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Anesth Analg. 1980 Feb;59(2):110-6.

Clinical characteristics of long-term succinylcholine neuromuscular blockade during balanced anesthesia.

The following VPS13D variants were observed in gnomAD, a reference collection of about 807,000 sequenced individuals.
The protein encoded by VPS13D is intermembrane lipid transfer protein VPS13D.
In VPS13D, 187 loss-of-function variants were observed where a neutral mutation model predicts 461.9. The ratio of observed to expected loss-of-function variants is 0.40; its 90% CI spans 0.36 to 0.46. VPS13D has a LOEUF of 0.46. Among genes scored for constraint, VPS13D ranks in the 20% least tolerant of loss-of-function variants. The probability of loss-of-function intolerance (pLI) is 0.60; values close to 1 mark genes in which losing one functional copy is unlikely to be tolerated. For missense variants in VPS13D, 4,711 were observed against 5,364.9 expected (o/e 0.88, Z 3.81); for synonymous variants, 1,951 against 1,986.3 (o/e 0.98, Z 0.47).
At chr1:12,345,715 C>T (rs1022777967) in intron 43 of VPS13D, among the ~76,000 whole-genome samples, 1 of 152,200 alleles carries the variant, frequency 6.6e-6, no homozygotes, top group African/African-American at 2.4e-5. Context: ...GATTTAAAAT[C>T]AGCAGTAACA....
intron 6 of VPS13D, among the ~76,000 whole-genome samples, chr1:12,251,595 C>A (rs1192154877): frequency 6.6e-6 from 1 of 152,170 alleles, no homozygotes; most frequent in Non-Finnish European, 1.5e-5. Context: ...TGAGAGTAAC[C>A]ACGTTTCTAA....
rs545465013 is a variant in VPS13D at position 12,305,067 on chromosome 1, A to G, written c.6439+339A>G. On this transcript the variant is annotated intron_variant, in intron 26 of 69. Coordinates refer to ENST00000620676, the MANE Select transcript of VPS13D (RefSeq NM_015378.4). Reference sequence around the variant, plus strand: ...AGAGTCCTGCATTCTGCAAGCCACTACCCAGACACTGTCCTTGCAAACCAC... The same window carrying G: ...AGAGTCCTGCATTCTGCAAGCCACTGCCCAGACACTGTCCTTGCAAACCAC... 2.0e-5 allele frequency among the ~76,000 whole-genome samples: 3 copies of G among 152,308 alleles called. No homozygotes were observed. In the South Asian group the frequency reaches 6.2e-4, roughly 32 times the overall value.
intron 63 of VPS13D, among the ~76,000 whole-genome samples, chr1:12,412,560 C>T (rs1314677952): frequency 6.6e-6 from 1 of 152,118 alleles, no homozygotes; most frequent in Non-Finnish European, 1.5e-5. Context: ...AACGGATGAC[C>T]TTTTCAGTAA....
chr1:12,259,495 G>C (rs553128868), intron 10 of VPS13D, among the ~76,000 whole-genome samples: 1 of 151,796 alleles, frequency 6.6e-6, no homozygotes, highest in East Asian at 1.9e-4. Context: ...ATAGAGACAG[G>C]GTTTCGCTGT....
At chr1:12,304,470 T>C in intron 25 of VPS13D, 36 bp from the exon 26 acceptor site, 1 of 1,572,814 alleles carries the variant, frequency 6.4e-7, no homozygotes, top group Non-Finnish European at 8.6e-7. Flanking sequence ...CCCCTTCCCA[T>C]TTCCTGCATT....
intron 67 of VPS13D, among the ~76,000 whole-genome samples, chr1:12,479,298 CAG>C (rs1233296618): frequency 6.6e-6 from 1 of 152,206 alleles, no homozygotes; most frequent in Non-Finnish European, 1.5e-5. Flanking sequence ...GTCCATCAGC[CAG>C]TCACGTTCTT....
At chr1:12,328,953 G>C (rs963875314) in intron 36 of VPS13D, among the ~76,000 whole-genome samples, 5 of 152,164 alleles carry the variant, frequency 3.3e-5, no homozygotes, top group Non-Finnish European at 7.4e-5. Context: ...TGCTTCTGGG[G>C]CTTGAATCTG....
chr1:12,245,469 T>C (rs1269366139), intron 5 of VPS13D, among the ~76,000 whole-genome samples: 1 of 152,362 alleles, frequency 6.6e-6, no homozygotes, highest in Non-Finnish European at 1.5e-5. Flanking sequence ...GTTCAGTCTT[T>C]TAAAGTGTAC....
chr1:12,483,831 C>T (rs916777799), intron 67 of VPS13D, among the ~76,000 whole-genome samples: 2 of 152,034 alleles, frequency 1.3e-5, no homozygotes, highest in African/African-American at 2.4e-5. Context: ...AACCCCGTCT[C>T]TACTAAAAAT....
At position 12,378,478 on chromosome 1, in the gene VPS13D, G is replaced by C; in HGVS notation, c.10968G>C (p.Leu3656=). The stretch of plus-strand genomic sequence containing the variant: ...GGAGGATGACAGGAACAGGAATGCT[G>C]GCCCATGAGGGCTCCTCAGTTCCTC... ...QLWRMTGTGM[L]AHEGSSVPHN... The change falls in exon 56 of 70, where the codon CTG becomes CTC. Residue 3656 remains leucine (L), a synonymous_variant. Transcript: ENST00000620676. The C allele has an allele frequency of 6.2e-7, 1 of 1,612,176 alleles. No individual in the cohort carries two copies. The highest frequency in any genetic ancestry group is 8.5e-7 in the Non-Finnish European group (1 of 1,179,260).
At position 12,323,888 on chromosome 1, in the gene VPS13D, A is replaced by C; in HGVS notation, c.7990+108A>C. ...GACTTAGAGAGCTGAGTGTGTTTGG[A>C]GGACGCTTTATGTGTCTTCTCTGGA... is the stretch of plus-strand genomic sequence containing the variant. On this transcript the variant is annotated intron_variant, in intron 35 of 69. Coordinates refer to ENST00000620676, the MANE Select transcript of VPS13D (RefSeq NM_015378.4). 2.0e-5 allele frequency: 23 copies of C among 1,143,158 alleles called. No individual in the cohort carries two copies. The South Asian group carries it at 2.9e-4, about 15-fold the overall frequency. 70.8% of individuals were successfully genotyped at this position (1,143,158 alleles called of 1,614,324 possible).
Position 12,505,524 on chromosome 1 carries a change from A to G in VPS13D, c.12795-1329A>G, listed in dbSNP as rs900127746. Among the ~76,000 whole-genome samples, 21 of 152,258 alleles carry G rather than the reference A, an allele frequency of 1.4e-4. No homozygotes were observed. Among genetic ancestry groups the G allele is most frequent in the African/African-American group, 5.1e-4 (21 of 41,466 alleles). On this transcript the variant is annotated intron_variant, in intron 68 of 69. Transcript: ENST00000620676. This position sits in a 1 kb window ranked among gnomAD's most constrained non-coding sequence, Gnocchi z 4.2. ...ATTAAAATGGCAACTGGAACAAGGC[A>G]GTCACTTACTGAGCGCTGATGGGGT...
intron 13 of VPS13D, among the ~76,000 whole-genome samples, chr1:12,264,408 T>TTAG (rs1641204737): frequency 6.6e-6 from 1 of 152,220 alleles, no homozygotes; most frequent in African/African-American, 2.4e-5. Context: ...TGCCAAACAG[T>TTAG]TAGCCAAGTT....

Thumb adductor twitch response to train-of-four (2 Hz for 2 seconds) stimulation of the ulnar nerve was used to assess the clinical characteristics of long-term neuromuscular blockade induced with continuous infusion of succinylcholine during balanced (N2O-O2-narcotic-thiopental) anesthesia. Twitch depression of 80 to 90% was maintained for 86 to 365 minutes by continuous infusion of succinylcholine at 86 +/- 5(SEM) micrograms/kg/min. Of 32 patients, 24 developed phase II block, defined as a train-of-four ratio of less than 50%. There was a large degree of individual variability in sensitivity to development of phase II block. This precluded defining a narrow dose range where transition from phase I to phase II occurred. Tachyphylaxis occurred in 25% of patients and was independent of the type of block. Neither dose nor duration of infusion was predictive of spontaneous recovery rate from phase II block. Of 24 patients who developed phase II block, 50% recovered spontaneously at a rate comparable to the recovery rate from a phase I block. The other 50% manifested prolonged recovery of neuromuscular function. After observing spontaneous recovery in these patients for 31 +/- 5(SEM) minutes, successful antagonism of residual phase II block with anticholinesterase agents was achieved.

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